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Star trail photography – not so difficult with the correct planning and appropriate gear
In this short article I will show you, the night sky enthusiastic, that by using the right gear and proper planning, you too can make beautiful star trail photo.
Actually, shooting the stars is not that much different from any other kind of photography, and a decent composition is the key to an outstanding photo. Here are some star trail photography tips to help you.
Before going out there, you must consider there is some planning needed to be done.
#1 Pick a foreground anchor
Although you may want to show as much of the night sky as possible, it cannot stand alone. Your photo must rely on a “strong” anchor / foreground if you want your viewers to be really impressed.
#2 Get there before dark
In most cases, it will be quite difficult, to the verge of impossible, to build your composition at night, in total darkness. It is better to arrive before night falls and it gets too dark to see. The last minutes of the day are your best time to plan and build your composition.
#3 Compose your shot
This is now the moment you place your camera and composing your frame. Remember to consider not only the appearance of your foreground in the frame, but also the direction that the camera is facing (as explained above).
#4 Shoot for the foreground
Take the first shot which will be used as the foreground of the frame. If you want your foreground to be a silhouette then all is good. But, if you want details to be shown, you will need to have at least one frame lit up. This can be achieved if few ways
#5 Setup and test camera settings for the night sky
Change the settings of the camera to get the best result for the night sky, without interference of light pollution. You need to see as many stars as possible, and to make sure they are in focus. The camera needs to be in Manual mode (or Bulb if using intervals). White Balance needs to be decided by you, and not on Auto mode (preferably in Tungsten mode, it will give you more blue in your image). Aperture set as wide as possible and an exposure time of around 30 seconds (with intervals you can set it to longer, but not more than a minute, for the sake of your sensor – it gets too hot).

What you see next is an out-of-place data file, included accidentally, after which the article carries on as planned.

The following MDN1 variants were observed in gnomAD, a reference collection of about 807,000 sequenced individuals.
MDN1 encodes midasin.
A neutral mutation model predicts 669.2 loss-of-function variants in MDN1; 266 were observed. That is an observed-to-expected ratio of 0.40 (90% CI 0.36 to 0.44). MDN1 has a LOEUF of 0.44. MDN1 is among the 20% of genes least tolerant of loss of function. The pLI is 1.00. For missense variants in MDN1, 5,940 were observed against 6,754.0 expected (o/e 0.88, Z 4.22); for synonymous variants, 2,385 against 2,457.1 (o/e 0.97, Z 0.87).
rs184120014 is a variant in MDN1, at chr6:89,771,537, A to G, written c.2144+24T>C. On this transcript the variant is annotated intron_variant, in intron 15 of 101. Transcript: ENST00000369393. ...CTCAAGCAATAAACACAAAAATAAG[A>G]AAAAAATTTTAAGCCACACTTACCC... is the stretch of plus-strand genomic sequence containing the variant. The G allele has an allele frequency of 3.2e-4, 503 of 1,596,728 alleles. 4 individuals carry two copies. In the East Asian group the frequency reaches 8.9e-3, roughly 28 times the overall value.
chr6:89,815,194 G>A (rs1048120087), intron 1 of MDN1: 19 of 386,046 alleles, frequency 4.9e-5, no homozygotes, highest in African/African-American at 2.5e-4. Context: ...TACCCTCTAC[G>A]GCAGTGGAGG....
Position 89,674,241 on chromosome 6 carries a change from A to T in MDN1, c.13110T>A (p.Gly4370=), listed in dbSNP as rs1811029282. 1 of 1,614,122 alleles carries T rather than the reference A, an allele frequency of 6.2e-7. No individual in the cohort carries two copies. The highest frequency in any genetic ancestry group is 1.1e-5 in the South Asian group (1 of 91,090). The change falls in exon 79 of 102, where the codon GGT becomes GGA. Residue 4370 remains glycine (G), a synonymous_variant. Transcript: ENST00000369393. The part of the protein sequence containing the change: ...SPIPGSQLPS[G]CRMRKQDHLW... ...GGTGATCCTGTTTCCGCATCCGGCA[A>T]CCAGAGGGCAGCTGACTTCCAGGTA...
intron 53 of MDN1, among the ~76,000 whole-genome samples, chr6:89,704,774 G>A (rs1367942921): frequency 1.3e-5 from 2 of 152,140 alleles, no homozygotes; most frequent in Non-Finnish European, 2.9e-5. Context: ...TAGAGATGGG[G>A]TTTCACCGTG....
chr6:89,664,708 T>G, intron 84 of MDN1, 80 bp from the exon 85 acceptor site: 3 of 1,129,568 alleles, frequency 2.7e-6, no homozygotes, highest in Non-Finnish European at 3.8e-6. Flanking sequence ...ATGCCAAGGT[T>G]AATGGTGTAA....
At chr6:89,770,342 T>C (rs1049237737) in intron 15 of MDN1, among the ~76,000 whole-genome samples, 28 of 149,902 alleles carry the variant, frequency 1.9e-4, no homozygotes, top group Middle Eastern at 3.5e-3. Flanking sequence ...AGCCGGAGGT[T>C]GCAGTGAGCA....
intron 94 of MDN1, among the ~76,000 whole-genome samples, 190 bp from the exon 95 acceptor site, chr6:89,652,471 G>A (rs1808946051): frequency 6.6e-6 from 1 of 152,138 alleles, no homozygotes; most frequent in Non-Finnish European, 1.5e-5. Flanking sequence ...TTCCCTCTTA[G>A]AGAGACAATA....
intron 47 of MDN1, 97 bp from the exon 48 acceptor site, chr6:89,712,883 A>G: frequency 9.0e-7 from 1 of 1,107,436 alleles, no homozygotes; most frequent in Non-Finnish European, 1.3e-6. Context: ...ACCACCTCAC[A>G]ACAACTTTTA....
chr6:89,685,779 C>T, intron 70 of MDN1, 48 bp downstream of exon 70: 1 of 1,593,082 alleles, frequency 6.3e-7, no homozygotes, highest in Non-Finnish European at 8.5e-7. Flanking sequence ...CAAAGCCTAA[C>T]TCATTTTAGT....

You can change the ISO to get lighter or darker sky as needed, but not too high to keep a smooth, clean frame. Once satisfied with the result, keep the settings and erase these test frames (just make sure to keep the foreground frames you did in step #4 above).
#6 Take a couple dark frames
Take one or two dark frames. This is done by putting on the lens cap, and shooting with the settings you chose in step #5 above. These frames will be used later in post-processing. Make sure you remove the cap once you’re done this part!
#7 Take your interval shots
Lock the shutter release controller or press start if doing intervals. Wait to see that it works properly, and a new exposure starts immediately after one ends. Now it’s time to let the camera work for as long as you decided, while you rest or go do something else, but make sure you keep a distance and are not adding light into your camera or composition. For a good result, it is advised to shoot for at least two hours, especially when shooting to the North.
#8 Take two more dark frames
Once your intervals are finished, before moving the camera, repeat on step 6 and take a couple more dark frames.
This is it, YOU made it! All is finished and you can go back home for the post-processing part.
First, from the foreground frames, choose the one that looks the best and process it to your liking. In this frame you can ignore the look of the sky, and if possible, it’s even better to darken it. When you’re happy with it, convert to JPEG or TIFF.
Next, move on to the sky frames. Process the first one to improve the appearance and visibility of the stars. In this frame you can ignore the look of the foreground, and if possible, it’s better to darken it. Synchronize your settings to the rest of the sky frames. Export or convert the files to JPEG or TIFF.
If you did any lens corrections, apply them also to the dark frames, then convert them to the same format as the sky frames.
Move on to the software you use for combining the frames – you can choose StarStax (Mac and Windows) or Startrails (Windows only) which are both free, very easy, and efficient. Upload the frames to their dedicated location (dark frames goes separately – the software is using them to subtract burned pixels from the final result).
The foreground frame can be handled in one of two ways – (a) placed together with all other sky frames or (b) left aside for merging it later to the final result, in Photoshop.
If you are working with StarStax, I recommend marking the Gap Filling option (in Startrails it is called: Lighten-screen-blend). It will make the processing time a bit longer, but the final result will be smoother.
If you chose to add the foreground image in when stacking the sky image, the result you’ll get is the final one and you may need only some fine-tuning to be done in Photoshop. Due to the time passed from the shooting of the foreground frame to the sky frames, you will notice a dot in front of every trail. These are the stars captured in the foreground frame. I see them as an interference in the overall look and erase them one by one.
If adding the foreground image in Photoshop later was your choice, then now is the time to put it all together. Load the foreground frame and the star trail frame as layers in Photoshop, and merge them into one using a layer mask. This option is better when the sky in the foreground frame is too bright.